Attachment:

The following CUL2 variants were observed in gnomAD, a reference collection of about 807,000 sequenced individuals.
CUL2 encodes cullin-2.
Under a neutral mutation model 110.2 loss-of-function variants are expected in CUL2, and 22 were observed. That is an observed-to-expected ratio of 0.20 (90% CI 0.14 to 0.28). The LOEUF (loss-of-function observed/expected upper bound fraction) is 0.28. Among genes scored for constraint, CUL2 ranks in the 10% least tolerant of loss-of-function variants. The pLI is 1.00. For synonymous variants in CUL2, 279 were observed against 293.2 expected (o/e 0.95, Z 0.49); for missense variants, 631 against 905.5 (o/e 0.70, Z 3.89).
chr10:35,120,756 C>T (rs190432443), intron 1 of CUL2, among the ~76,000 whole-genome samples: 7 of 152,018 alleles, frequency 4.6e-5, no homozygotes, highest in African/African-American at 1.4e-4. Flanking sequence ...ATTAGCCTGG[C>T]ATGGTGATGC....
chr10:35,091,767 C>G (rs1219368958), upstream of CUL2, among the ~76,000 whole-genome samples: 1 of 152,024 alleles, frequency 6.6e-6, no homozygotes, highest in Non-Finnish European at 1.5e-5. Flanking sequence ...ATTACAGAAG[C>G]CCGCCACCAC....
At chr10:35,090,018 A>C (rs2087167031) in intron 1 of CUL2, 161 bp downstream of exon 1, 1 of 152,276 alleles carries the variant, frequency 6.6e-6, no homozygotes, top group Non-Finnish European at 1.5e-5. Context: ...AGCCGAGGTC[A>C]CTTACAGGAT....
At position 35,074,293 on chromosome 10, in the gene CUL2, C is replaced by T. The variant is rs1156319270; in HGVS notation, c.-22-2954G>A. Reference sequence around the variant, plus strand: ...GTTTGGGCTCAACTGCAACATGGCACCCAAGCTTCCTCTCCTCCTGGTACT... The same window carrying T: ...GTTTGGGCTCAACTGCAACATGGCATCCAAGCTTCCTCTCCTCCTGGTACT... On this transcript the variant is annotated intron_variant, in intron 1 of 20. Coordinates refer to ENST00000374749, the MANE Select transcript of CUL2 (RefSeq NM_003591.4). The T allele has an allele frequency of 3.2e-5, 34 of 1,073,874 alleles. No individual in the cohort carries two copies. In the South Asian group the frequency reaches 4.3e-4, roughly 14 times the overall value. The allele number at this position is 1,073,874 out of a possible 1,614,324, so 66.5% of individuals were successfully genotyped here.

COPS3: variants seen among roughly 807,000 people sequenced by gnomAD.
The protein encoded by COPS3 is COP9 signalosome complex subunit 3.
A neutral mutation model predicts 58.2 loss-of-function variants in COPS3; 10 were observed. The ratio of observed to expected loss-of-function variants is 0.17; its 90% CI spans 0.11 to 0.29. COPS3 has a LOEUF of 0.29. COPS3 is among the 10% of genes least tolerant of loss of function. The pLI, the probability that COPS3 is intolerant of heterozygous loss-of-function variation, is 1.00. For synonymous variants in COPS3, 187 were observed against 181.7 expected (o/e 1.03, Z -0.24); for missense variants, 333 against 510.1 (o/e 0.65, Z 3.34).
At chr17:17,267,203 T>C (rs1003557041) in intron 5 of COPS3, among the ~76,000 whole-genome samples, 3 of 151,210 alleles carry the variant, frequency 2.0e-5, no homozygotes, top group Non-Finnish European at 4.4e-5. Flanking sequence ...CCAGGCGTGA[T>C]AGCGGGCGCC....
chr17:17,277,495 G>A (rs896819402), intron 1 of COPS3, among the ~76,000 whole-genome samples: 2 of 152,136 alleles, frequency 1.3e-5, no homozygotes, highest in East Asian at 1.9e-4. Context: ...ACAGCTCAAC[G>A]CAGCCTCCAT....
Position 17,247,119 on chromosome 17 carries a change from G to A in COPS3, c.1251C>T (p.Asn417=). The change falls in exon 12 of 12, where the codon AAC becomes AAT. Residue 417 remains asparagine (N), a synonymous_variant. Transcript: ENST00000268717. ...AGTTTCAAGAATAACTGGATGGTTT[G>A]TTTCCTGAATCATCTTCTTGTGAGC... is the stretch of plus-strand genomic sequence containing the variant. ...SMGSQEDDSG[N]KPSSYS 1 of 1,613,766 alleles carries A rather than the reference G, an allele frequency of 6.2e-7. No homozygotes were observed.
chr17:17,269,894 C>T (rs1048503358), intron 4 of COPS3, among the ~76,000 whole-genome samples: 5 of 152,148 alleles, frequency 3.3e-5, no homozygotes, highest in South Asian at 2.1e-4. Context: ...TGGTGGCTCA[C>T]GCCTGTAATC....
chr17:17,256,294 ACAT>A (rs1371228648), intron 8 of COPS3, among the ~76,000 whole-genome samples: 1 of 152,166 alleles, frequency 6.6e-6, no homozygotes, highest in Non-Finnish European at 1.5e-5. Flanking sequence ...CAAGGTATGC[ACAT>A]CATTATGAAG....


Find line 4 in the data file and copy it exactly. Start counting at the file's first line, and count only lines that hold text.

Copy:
chr10:35,120,756 C>T (rs190432443), intron 1 of CUL2, among the ~76,000 whole-genome samples: 7 of 152,018 alleles, frequency 4.6e-5, no homozygotes, highest in African/African-American at 1.4e-4. Flanking sequence ...ATTAGCCTGG[C>T]ATGGTGATGC....